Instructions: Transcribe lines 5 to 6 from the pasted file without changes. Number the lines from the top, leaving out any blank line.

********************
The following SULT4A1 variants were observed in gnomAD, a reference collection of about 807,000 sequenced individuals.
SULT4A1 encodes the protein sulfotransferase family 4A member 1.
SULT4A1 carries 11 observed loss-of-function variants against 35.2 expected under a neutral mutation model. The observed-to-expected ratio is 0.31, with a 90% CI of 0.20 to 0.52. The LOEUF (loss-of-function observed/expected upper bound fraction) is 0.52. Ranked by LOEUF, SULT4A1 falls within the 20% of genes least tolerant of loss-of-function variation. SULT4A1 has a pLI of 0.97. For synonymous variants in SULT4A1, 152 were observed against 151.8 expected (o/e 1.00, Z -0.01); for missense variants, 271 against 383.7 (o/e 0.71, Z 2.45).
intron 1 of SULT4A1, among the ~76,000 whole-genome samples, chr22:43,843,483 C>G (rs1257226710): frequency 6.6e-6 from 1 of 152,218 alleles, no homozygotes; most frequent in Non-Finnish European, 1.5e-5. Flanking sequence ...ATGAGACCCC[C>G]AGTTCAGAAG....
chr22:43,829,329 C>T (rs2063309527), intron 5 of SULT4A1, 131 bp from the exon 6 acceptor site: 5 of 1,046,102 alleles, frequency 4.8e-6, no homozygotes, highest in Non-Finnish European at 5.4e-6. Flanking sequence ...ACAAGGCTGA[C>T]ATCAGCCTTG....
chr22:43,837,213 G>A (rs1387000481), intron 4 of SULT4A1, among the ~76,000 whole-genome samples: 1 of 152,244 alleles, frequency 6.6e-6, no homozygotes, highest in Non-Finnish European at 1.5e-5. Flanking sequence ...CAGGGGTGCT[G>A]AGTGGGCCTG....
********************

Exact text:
chr22:43,829,329 C>T (rs2063309527), intron 5 of SULT4A1, 131 bp from the exon 6 acceptor site: 5 of 1,046,102 alleles, frequency 4.8e-6, no homozygotes, highest in Non-Finnish European at 5.4e-6. Flanking sequence ...ACAAGGCTGA[C>T]ATCAGCCTTG....
chr22:43,837,213 G>A (rs1387000481), intron 4 of SULT4A1, among the ~76,000 whole-genome samples: 1 of 152,244 alleles, frequency 6.6e-6, no homozygotes, highest in Non-Finnish European at 1.5e-5. Flanking sequence ...CAGGGGTGCT[G>A]AGTGGGCCTG....